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Hillsberry v. Berryhill

United States District Court, N.D. Oklahoma

April 4, 2017

RONNIE JOE HILLSBERRY, Plaintiff,
v.
NANCY A. BERRYHILL, [1]Acting Commissioner of Social Security, Defendant.

          OPINION AND ORDER

          CLAIRE V. EAGAN UNITED STATES DISTRICT JUDGE.

         Now before the Court is Plaintiff's Motion for Award of Attorney Fees pursuant to the Equal Access to Justice Act (Dkt. # 23). Plaintiff seeks an award of attorney fees of $6, 842.60 under the Equal Access to Justice Act, 28 U.S.C. § 2412(d) (EAJA). Defendant objects to plaintiff's motion for EAJA fees and argues that its position was substantially justified.

         On April 24, 2015, plaintiff filed this case seeking judicial review of a decision by the Commissioner of Social Security denying his claim for disability benefits. Dkt. # 2. The matter was referred to a magistrate judge for a report and recommendation, and the magistrate judge recommended that the Court reverse and remand the case for further administrative proceedings. The magistrate judge stated that the administrative law judge (ALJ) did not adequately explain his reasons for rejecting a disability determination by the United States Department of Veterans Affairs (VA), and the ALJ's summary of the VA's findings was inaccurate. Dkt. # 18. Defendant objected to the report and recommendation. Dkt. # 19. The Court accepted the magistrate judge's report and recommendation and remanded the case for further administrative proceedings. Dkt. # 21. The Court rejected defendant's argument that the ALJ's failure to more fully discuss the VA's disability determination was harmless error. Id. at 6-7.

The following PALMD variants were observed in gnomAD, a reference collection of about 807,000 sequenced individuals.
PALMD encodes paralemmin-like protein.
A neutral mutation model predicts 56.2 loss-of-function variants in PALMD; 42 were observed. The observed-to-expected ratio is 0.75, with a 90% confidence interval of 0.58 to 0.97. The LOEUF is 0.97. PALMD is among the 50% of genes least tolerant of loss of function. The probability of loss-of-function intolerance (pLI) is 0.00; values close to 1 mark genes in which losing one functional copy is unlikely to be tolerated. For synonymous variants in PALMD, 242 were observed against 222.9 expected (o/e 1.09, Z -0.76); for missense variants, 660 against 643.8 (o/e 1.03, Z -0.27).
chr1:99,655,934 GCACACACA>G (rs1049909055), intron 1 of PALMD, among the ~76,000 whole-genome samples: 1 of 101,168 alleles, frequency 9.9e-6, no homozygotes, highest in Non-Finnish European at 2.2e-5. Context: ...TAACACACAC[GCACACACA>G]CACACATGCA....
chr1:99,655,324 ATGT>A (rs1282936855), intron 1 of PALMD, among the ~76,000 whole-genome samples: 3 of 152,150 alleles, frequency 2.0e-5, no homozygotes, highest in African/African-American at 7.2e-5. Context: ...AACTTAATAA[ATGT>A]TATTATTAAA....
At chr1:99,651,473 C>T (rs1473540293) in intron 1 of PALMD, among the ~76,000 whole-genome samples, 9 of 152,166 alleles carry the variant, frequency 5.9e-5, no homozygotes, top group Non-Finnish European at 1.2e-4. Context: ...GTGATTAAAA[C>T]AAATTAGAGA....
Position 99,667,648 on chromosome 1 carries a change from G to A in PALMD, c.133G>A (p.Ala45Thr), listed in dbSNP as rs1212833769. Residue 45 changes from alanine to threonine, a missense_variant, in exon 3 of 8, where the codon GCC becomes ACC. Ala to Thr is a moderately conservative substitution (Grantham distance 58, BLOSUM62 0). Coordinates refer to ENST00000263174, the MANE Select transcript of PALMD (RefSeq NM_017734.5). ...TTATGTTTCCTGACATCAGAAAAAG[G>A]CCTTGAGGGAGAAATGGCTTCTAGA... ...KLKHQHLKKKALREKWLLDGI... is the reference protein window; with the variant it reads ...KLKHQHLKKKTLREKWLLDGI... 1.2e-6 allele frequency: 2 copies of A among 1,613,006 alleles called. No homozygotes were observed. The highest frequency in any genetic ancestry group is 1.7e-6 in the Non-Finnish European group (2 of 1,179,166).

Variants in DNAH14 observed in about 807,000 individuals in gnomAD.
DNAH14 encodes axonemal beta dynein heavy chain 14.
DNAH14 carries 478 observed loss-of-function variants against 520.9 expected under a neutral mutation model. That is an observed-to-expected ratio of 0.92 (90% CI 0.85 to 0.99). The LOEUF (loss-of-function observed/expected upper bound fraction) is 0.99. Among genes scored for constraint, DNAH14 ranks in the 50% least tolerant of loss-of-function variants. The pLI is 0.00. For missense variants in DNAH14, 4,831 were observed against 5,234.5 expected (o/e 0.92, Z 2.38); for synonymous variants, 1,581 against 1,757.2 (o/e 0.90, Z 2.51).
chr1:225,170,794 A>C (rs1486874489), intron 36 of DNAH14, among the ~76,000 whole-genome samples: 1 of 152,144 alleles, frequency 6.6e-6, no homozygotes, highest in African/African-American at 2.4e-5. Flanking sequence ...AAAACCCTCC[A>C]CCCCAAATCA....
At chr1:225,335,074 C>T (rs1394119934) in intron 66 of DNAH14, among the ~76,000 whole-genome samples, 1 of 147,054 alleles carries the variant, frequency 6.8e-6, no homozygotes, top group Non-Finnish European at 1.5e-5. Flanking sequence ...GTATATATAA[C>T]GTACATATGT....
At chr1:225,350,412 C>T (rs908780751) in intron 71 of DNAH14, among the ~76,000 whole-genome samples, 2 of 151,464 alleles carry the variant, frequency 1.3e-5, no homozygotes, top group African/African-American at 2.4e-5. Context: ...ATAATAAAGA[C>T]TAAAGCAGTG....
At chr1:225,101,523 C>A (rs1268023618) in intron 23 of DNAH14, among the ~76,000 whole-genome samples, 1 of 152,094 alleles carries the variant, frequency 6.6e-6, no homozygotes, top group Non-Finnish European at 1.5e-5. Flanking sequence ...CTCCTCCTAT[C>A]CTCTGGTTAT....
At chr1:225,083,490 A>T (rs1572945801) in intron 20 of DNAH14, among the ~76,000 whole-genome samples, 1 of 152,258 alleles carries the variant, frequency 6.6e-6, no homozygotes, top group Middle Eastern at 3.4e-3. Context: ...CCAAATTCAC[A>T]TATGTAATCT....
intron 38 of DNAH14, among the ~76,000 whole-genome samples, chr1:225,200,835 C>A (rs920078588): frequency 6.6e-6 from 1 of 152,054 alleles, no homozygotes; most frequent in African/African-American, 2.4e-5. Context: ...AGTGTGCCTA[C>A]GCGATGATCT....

Plaintiff has filed a motion for attorney fees under the EAJA. Dkt. # 23. Under the EAJA, “a fee award is required if: (1) plaintiff is a ‘prevailing party'; (2) the position of the United States was not ‘substantially justified'; and (3) there are no special circumstances that make an award of fees unjust.” Hackett v. Barnhart, 475 F.3d 1166, 1172 (10th Cir. 2007). Defendant does not dispute that plaintiff is a prevailing party and does not assert that there are any special circumstances that would make an award of fees unjust in this case. Dkt. # 24. The only dispute here is whether defendant's position was substantially justified. Id. Defendant bears the burden of showing that her position was substantially justified by proving her case “had a reasonable basis in law and in fact.” Hadden v. Bowen, 851 F.2d 1266, 1267 (10th Cir. 1988); see also Hackett, 475 F.3d at 1172. In other words, defendant must show her position was “justified to a degree that could satisfy a reasonable person.” Pierce v. Underwood, 487 U.S. 552, 565 (1988). Defendant's “position can be justified even though it is not correct.” Id. at 566 n.2.